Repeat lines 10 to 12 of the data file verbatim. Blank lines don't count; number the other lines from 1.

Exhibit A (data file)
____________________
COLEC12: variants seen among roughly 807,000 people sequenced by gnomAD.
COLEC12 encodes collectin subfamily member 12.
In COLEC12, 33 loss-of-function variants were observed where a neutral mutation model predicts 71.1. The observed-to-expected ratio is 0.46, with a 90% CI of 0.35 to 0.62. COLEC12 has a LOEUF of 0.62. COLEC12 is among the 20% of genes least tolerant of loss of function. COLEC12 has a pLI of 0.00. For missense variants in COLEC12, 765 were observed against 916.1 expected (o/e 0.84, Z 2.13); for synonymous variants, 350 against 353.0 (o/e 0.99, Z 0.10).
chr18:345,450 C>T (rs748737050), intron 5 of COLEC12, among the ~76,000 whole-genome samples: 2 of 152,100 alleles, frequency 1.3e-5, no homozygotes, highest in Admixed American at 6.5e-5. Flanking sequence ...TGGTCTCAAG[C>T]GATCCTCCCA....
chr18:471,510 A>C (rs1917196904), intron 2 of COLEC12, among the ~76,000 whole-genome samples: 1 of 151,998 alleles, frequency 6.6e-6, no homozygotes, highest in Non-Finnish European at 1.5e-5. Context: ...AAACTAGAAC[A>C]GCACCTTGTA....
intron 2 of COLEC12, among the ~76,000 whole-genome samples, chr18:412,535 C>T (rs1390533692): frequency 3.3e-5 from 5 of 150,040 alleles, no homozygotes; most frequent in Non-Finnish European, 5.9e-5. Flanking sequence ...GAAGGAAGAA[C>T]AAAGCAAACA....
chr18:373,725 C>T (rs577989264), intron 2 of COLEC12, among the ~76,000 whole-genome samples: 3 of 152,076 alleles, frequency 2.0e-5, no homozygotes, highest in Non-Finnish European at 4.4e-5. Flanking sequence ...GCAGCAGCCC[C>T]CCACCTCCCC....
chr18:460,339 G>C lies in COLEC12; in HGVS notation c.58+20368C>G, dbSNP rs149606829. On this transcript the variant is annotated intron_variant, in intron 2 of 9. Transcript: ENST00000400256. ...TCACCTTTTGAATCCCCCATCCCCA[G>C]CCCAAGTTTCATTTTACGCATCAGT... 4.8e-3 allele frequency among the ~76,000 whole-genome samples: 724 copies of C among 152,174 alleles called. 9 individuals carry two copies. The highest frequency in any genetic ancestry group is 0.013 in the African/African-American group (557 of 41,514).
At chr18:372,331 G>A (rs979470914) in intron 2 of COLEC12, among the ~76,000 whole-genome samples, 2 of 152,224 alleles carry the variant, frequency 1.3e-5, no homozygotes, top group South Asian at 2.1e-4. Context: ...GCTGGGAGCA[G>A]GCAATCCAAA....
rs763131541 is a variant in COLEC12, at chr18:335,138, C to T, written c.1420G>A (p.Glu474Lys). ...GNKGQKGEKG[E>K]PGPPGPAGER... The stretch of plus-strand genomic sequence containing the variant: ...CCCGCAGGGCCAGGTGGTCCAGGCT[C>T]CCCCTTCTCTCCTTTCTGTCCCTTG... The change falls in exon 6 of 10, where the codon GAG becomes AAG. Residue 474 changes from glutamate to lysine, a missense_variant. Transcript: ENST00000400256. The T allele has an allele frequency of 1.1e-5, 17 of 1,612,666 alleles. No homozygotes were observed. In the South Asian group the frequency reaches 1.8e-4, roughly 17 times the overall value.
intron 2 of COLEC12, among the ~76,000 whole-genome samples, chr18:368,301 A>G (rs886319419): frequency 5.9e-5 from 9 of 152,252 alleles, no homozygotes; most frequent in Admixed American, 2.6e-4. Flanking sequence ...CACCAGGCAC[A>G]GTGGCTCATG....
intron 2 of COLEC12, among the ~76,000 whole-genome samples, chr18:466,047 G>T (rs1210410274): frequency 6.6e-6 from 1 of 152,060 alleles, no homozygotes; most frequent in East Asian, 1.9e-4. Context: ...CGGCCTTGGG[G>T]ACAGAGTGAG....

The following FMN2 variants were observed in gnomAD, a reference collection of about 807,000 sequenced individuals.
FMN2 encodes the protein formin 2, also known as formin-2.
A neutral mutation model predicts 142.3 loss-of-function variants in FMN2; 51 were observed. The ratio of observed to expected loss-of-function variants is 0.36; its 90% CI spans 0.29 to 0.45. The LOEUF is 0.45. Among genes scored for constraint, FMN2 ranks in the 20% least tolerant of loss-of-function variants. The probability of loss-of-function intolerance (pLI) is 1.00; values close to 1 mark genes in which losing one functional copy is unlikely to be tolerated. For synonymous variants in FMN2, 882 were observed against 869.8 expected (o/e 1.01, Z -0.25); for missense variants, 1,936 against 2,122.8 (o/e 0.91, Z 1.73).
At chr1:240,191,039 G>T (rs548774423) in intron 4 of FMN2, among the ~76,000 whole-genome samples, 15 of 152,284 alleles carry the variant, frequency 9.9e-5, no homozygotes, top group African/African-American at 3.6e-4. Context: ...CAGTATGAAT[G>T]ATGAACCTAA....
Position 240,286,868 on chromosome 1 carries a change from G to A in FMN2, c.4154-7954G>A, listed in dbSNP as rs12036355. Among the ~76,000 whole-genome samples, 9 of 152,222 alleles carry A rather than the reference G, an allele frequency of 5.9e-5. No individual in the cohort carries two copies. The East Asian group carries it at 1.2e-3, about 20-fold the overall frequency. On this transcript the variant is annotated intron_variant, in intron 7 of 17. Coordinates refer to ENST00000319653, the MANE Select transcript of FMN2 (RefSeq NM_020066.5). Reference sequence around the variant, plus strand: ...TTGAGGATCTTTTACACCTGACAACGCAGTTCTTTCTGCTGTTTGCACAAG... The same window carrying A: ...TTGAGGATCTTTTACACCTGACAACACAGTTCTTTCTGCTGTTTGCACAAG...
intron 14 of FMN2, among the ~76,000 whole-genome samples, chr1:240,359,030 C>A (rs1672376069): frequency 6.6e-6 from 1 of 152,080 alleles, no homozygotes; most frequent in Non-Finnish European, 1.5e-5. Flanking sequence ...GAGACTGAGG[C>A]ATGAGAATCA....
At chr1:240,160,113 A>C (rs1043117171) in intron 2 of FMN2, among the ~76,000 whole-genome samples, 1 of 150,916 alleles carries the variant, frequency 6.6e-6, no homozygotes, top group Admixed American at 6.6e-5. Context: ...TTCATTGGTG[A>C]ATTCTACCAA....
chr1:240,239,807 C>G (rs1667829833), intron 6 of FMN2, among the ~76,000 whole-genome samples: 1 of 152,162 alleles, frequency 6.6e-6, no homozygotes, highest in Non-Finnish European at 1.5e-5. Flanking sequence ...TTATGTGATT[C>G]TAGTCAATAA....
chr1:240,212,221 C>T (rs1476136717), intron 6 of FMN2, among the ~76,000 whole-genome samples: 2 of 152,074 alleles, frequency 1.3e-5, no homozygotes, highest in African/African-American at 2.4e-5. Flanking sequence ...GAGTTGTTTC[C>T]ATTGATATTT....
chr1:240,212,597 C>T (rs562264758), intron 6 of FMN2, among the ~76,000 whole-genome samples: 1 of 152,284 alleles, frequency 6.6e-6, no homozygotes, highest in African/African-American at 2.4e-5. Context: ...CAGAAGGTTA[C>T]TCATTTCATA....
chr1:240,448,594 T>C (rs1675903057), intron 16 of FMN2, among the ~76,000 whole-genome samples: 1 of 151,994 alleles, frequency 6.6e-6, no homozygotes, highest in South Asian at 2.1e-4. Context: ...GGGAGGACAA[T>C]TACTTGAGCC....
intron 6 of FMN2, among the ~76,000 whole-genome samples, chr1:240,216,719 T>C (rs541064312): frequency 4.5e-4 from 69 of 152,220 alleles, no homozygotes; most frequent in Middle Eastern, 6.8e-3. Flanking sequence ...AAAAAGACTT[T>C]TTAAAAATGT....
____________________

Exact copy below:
rs763131541 is a variant in COLEC12, at chr18:335,138, C to T, written c.1420G>A (p.Glu474Lys). ...GNKGQKGEKG[E>K]PGPPGPAGER... The stretch of plus-strand genomic sequence containing the variant: ...CCCGCAGGGCCAGGTGGTCCAGGCT[C>T]CCCCTTCTCTCCTTTCTGTCCCTTG... The change falls in exon 6 of 10, where the codon GAG becomes AAG. Residue 474 changes from glutamate to lysine, a missense_variant. Transcript: ENST00000400256. The T allele has an allele frequency of 1.1e-5, 17 of 1,612,666 alleles. No homozygotes were observed. In the South Asian group the frequency reaches 1.8e-4, roughly 17 times the overall value.
intron 2 of COLEC12, among the ~76,000 whole-genome samples, chr18:368,301 A>G (rs886319419): frequency 5.9e-5 from 9 of 152,252 alleles, no homozygotes; most frequent in Admixed American, 2.6e-4. Flanking sequence ...CACCAGGCAC[A>G]GTGGCTCATG....
intron 2 of COLEC12, among the ~76,000 whole-genome samples, chr18:466,047 G>T (rs1210410274): frequency 6.6e-6 from 1 of 152,060 alleles, no homozygotes; most frequent in East Asian, 1.9e-4. Context: ...CGGCCTTGGG[G>T]ACAGAGTGAG....